A Smarter Way to Merge

Posted by: Steve Hamm on February 11, 2005

This explosion of mega-mergers in the telecom, insurance, and consumer products industries is exciting, but who knows if any of them will really pay off. In contrast, check out IBM. It has grown into a $96 billion behemoth without a single huge acquisitionever. Instead, it grows organically and by making more a dozen smaller acquisitions each year, mostly in software and services. Its a smart strategy thats delivering ever-richening profits and a host of new market opportunities. Meanwhile, rival Hewlett-Packard is suffering the consequences of its ill-considered $19 billion merger with Compaq.

IBMs software group is the companys most aggressive acquirerwith 40 buys in the past 10 years and 20 in the last four years. The group seems to have this down to a science. It wasnt always this way. When IBM bought Lotus for $3.5 billion in 1995 and Tivoli for $743 million in 1996, it at first kept them independenthoping to foster the entrepreneurial zeal of these fast-growing outfits. The results werent up to snuff, and IBM gradually integrated them with its existing operations. So in 1999, the new head of software, Steve Mills, shifted to a new strategyrapid integration. "We blend them in as quickly as possibleoften on the day we close," says Mills.

IBM analyzes the heck out of potential deals before taking the plunge. It looks for a certain kind of fit: 1) Complimentary products that blend into the IBM portfolio (ThinkDynamics, the datacenter automation company) 2) Consolidation of mature market segments (Candle, the mainframe software maker) 3) Market leaders in important niches (Rational, the software tool leader) and 4) Bold market entry (Lotus, maker of Notes collaboration software). The idea is to push the new products and technologies through IBMs huge sales and distribution networkaccelerating sales.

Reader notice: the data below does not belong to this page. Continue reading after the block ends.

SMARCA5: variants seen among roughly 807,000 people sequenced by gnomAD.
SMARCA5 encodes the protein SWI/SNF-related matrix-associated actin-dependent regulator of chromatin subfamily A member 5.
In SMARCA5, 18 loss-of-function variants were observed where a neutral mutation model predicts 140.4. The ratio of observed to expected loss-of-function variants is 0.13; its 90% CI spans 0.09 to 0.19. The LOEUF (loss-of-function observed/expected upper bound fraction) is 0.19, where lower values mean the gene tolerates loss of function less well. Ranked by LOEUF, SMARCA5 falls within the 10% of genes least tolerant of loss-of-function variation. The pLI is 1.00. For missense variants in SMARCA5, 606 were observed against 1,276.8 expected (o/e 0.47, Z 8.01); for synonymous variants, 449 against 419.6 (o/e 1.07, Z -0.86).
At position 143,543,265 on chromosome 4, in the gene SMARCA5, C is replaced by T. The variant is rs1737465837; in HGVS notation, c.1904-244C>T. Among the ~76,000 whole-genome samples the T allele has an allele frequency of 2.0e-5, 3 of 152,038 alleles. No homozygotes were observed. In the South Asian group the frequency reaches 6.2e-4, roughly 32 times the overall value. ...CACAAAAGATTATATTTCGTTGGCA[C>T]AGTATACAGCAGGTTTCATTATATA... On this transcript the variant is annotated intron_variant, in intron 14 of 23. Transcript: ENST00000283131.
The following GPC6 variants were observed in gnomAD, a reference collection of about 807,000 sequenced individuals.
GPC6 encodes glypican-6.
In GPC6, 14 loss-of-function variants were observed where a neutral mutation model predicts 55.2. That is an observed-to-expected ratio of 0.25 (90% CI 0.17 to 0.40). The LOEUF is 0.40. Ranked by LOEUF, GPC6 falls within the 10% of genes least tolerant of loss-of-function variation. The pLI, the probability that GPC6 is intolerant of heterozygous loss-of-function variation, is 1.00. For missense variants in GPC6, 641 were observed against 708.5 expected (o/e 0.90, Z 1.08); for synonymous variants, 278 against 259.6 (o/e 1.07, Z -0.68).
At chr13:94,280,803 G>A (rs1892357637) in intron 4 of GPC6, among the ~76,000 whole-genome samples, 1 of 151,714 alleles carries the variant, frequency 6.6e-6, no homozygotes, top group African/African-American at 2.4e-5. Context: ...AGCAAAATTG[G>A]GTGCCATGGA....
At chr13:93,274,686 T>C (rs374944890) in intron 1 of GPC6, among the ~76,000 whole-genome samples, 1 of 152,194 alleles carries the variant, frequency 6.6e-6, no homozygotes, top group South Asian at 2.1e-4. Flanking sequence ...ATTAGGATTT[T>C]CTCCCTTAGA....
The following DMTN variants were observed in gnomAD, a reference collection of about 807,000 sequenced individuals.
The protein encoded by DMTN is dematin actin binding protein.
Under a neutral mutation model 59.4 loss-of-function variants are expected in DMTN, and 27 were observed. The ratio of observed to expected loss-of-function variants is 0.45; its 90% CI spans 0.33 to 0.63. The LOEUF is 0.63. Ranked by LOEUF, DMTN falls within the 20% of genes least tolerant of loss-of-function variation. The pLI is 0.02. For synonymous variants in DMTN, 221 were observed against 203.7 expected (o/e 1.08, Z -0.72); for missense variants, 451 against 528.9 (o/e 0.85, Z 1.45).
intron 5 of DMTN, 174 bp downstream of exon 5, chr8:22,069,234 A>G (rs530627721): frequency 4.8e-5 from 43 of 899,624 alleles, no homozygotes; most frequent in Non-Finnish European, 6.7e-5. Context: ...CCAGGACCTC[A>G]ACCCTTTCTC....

Since 99, Mills has been using merger integration teams headed often by a high-ranking executive. They spend six months to a year planning and executing the integration of the target company into IBM. The team assigns a "buddy" within IBM for each employee in the acquired companysort of a "personal cultural assistant," says Mills. The teams also focus a lot on making the newcomers feel like theyre a valuable part of IBM, rather than potential cast-offs. Contrast that with Oracles takeover of PeopleSoft. "We think you can have the best of both worlds. You can gain the leverage of combining the companies and at the same time you can get the energy and growth of having it separate without actually keeping it separate," says Mills.

Cisco has long had a similar strategy of buying smaller companies to fill out its portfolio or extendinto new markets. But it often seemed to overpayespecially in the go-go 1990s. IBM hasnt made that mistake. Look at its $3.5 billion acquisition of PriceWaterhouseCoopers Consulting a couple of years ago after an $18 million acquisition by HP had earlier fallen through. PWCC has turned into a key asset for IBM as it drives to become ever more service oriented. Just goes to show: mergers work, but only if youre really smart about them.

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BusinessWeek writers Peter Burrows, Cliff Edwards, Olga Kharif, Aaron Ricadela, Douglas MacMillan, and Spencer Ante dig behind the headlines to analyze what’s really happening throughout the world of technology. One of the first mainstream media tech blogs, Tech Beat covers everything from tech bellwethers like Apple, Google, and Intel and emerging new leaders such as Facebook to new technologies, trends, and controversies.

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